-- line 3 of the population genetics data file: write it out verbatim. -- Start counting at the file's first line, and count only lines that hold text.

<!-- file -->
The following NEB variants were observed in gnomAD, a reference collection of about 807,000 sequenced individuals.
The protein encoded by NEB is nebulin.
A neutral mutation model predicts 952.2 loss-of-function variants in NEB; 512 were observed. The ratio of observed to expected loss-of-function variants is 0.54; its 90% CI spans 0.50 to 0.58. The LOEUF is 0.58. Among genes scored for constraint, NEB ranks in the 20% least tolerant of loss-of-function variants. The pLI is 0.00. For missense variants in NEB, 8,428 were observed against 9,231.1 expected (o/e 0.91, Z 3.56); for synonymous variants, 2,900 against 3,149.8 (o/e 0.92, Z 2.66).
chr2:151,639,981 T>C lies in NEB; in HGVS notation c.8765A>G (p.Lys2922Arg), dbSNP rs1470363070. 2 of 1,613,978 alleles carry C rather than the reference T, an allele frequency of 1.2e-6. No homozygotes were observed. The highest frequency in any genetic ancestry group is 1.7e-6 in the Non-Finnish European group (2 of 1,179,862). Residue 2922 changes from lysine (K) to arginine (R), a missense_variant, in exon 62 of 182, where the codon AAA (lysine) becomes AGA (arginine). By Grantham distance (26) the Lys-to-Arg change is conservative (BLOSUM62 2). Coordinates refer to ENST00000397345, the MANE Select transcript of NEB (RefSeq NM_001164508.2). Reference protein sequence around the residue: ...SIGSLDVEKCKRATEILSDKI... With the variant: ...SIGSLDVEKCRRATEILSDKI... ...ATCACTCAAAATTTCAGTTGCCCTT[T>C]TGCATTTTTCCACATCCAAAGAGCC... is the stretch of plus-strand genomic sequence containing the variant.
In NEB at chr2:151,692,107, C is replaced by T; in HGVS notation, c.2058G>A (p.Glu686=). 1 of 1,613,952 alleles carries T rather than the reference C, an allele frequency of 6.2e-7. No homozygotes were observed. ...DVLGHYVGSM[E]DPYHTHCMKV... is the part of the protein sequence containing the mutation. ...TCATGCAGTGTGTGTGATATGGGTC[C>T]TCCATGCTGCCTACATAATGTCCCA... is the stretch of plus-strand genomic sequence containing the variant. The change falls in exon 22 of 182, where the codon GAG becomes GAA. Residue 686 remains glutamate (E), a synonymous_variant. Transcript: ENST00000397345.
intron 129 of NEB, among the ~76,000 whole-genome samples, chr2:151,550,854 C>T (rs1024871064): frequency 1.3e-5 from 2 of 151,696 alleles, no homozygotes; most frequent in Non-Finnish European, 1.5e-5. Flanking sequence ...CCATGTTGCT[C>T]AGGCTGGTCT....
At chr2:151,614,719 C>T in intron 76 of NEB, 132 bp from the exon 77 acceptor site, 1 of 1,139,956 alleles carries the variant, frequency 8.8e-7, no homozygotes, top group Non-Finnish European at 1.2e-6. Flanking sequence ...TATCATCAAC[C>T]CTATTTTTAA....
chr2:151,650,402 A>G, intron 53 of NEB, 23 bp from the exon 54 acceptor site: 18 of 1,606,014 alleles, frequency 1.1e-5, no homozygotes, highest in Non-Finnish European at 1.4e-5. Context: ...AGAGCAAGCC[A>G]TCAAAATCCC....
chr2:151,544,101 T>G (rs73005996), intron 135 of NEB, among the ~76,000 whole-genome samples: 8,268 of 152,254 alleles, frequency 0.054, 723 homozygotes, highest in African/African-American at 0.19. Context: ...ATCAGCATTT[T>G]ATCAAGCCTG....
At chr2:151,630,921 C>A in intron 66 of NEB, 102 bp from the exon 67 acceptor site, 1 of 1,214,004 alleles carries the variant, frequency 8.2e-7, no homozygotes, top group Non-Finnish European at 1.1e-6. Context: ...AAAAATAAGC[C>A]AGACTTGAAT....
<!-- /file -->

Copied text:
A neutral mutation model predicts 952.2 loss-of-function variants in NEB; 512 were observed. The ratio of observed to expected loss-of-function variants is 0.54; its 90% CI spans 0.50 to 0.58. The LOEUF is 0.58. Among genes scored for constraint, NEB ranks in the 20% least tolerant of loss-of-function variants. The pLI is 0.00. For missense variants in NEB, 8,428 were observed against 9,231.1 expected (o/e 0.91, Z 3.56); for synonymous variants, 2,900 against 3,149.8 (o/e 0.92, Z 2.66).